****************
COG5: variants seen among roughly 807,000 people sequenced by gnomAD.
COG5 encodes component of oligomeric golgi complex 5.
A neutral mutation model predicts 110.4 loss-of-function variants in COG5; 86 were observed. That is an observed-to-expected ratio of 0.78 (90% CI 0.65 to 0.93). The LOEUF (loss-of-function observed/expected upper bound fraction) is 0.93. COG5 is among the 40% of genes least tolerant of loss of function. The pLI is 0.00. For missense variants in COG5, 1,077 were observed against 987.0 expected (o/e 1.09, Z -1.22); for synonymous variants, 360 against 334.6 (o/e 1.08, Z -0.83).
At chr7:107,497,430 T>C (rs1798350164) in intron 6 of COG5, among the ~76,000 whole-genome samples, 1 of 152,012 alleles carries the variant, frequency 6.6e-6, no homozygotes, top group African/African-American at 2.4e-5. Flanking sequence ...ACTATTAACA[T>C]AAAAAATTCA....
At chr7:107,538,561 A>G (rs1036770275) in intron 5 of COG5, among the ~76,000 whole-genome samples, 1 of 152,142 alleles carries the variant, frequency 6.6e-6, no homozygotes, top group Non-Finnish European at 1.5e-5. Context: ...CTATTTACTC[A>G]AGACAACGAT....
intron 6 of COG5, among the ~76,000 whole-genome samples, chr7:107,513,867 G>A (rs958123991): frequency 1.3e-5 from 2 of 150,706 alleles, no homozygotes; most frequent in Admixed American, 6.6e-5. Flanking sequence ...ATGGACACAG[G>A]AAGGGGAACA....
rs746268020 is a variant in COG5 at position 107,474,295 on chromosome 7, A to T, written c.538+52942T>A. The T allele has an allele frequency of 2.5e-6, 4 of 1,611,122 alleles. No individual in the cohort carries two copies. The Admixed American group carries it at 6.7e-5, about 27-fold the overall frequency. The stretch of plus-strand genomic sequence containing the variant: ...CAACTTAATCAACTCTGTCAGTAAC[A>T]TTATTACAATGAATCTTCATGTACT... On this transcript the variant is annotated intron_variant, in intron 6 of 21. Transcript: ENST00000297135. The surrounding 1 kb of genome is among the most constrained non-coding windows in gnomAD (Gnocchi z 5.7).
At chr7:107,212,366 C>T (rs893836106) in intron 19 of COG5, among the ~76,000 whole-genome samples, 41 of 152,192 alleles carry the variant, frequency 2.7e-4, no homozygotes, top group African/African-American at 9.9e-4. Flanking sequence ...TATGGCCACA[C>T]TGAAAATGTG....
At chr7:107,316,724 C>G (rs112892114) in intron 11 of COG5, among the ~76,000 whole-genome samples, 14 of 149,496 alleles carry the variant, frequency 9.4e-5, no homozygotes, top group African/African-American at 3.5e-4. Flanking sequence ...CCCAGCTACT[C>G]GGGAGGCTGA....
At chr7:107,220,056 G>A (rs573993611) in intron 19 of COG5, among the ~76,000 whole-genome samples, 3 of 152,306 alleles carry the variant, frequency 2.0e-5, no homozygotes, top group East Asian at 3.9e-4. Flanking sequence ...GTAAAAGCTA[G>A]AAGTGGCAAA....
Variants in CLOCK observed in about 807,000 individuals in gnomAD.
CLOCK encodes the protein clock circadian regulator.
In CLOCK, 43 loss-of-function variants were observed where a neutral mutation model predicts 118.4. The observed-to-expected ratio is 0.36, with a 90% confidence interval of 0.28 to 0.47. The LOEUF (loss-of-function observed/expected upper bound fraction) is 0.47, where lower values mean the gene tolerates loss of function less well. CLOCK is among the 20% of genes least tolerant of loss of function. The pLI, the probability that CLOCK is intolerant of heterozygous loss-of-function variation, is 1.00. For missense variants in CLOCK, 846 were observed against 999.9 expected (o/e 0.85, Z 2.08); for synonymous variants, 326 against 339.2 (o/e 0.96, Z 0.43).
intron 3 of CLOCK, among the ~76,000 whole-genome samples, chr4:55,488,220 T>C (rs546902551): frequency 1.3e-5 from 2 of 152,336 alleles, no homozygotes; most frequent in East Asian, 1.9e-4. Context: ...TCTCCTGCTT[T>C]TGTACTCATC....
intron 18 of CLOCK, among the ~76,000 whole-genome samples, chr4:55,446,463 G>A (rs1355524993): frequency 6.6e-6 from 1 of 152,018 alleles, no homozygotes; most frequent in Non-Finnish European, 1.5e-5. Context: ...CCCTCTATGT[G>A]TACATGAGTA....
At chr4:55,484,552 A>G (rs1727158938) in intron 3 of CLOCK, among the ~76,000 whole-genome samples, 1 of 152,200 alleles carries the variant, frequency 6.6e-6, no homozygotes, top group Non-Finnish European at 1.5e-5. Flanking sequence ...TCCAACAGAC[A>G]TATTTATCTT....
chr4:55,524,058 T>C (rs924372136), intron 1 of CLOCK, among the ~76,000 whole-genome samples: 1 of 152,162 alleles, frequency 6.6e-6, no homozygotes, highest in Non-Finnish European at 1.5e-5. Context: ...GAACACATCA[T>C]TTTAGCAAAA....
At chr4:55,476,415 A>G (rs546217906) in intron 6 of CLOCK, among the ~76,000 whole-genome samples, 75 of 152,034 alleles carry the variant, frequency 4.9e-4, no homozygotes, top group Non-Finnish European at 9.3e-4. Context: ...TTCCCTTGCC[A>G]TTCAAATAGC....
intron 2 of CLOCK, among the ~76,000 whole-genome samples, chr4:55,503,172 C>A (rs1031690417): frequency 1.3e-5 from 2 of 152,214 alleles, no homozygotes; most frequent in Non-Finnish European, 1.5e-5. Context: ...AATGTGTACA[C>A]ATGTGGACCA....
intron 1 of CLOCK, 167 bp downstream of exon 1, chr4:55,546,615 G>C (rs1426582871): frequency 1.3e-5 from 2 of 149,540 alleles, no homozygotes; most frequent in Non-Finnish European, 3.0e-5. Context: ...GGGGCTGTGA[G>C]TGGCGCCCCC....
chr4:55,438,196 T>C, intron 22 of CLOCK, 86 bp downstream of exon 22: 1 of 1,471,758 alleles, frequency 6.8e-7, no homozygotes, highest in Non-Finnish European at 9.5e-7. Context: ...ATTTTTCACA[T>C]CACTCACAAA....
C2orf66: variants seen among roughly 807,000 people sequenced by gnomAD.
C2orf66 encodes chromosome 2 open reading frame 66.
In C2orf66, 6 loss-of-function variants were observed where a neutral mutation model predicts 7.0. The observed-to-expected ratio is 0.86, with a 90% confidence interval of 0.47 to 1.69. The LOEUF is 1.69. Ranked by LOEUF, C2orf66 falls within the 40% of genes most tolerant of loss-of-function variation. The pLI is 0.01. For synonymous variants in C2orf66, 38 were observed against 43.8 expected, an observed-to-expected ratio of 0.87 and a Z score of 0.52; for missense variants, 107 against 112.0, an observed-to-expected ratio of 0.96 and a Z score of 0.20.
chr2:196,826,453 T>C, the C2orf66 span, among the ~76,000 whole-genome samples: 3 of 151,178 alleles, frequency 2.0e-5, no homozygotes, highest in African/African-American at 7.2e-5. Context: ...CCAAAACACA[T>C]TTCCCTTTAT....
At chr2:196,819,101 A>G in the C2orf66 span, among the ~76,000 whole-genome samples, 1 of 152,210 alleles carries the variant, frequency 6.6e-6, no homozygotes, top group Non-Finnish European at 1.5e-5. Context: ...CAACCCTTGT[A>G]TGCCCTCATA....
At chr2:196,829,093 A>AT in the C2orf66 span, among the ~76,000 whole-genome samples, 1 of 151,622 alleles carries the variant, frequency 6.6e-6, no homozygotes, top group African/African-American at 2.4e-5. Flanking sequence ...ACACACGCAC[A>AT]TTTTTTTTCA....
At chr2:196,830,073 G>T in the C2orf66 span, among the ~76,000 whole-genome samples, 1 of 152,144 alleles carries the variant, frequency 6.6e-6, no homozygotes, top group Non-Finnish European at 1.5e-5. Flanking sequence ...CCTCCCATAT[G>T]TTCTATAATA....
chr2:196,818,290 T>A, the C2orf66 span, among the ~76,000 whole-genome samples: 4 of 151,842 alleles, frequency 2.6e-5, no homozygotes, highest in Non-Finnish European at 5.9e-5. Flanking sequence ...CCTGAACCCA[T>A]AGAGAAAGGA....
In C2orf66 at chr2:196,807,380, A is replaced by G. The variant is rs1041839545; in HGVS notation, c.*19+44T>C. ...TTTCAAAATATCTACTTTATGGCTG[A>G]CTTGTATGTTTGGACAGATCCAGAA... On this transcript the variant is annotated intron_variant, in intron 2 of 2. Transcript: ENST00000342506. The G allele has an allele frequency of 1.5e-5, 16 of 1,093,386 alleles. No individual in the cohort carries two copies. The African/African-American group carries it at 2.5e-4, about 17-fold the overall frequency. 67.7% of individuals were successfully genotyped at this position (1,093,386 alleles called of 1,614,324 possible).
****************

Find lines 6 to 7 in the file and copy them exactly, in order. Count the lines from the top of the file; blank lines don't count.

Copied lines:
intron 6 of COG5, among the ~76,000 whole-genome samples, chr7:107,513,867 G>A (rs958123991): frequency 1.3e-5 from 2 of 150,706 alleles, no homozygotes; most frequent in Admixed American, 6.6e-5. Flanking sequence ...ATGGACACAG[G>A]AAGGGGAACA....
rs746268020 is a variant in COG5 at position 107,474,295 on chromosome 7, A to T, written c.538+52942T>A. The T allele has an allele frequency of 2.5e-6, 4 of 1,611,122 alleles. No individual in the cohort carries two copies. The Admixed American group carries it at 6.7e-5, about 27-fold the overall frequency. The stretch of plus-strand genomic sequence containing the variant: ...CAACTTAATCAACTCTGTCAGTAAC[A>T]TTATTACAATGAATCTTCATGTACT... On this transcript the variant is annotated intron_variant, in intron 6 of 21. Transcript: ENST00000297135. The surrounding 1 kb of genome is among the most constrained non-coding windows in gnomAD (Gnocchi z 5.7).